In a remote access scam, a scammer attempts to persuade you into giving them remote control over your personal computer, which allows the scammer to con money out of you and steal your private information. If a scammer gets into your computer remotely, they could:

Construction worker on phone with equipment in background
  • Get into your hard drive for sensitive data, passwords, and photos. Scammers will quickly collect anything they can use to withdraw money from bank accounts or steal your identity
  • Install invasive malware or spyware. Scammers can establish ongoing access to your computer without you even knowing it. They do this by installing add-ons or programs onto your computer that continually steal sensitive information or mask what they’re doing behind the scenes.
  • Hold your information hostage. Hackers can download what’s called “ransomware” onto your computer. It locks all your files unless you pay a ransom.
How to prevent these scams
  • Remember that tech support specialists from companies and government departments never cold call people, so if you receive a call seeming to be from computer tech support, it’s a scam. It’s easy for hackers to spoof their caller ID, so even if it looks to be coming from a legitimate source, keep this in mind.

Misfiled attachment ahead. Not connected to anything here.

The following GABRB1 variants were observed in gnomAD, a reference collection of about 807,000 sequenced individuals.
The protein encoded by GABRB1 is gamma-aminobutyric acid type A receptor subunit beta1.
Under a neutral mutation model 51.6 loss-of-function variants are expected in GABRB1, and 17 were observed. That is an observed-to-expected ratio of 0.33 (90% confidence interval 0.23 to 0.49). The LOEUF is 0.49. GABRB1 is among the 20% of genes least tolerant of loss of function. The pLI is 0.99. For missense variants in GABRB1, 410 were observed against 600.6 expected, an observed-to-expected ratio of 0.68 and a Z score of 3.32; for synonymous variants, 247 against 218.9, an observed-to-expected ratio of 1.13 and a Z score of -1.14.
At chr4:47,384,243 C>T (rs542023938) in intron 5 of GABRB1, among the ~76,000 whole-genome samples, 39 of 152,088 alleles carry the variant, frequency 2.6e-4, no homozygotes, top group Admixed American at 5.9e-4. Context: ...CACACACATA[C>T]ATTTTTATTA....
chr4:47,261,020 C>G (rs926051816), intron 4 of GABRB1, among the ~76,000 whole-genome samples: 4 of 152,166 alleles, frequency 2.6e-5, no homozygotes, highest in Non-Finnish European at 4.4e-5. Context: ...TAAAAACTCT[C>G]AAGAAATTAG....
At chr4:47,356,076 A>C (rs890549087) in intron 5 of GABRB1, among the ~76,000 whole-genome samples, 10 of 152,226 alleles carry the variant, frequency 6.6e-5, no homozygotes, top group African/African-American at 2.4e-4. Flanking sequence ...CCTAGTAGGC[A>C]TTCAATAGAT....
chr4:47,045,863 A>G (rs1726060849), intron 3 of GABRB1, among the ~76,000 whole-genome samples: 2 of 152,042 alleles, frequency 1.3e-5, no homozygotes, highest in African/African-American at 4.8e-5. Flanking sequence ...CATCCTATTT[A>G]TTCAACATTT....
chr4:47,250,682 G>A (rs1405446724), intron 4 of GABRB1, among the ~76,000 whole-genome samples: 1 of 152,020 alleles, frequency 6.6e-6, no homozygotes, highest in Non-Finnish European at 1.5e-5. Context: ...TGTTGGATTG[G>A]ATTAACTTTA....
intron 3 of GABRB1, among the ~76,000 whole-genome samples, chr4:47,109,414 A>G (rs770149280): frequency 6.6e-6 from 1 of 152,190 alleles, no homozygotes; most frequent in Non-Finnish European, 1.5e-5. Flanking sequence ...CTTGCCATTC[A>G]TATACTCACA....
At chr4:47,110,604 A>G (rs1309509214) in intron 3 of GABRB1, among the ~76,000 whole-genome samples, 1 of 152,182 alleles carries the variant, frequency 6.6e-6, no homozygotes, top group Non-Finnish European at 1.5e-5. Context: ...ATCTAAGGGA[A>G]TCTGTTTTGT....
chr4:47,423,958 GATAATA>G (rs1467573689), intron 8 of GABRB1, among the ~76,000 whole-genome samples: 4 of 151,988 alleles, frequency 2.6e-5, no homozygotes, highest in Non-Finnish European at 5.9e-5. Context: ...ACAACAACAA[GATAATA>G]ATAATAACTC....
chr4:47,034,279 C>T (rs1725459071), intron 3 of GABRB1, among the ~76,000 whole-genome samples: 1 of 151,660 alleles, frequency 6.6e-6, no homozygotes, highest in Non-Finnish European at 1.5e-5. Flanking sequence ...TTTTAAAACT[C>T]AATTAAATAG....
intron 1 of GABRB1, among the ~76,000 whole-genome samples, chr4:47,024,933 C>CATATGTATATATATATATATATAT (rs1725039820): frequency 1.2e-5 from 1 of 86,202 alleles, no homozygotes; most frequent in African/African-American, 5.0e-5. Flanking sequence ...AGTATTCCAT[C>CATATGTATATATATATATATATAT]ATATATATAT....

• If you see a pop-up or virus warning on your computer advising you to call a number, it’s a scam. Some of these pop-ups have code that make them hard to close, so if a pop-up is staying stubbornly open, you can force your Internet browser to close by hitting Ctrl + Alt + Delete and opening the Task Manager if you’re using Windows, or Command + Option + Escape if you’re on a Mac.
  • Most importantly, never give remote access to anyone you don’t know, as doing so lets them bypass a great deal of your cybersecurity.
What to do if you’ve been scammed

If you have fallen victim of a remote access scam, call your bank at a trusted number immediately. Check for unauthorized charges and dispute them. Report the scam to the Federal Trade Commission (FTC) at ReportFraud.FTC.gov and file a report with the FBI’s Internet Crime Complaint Center. This will help  authorities protect others from the same scam. Fixing any damage done to your computer can be more difficult, as digital threats are constantly evolving to escape detection. Call the support number for the computer that you are using for assistance.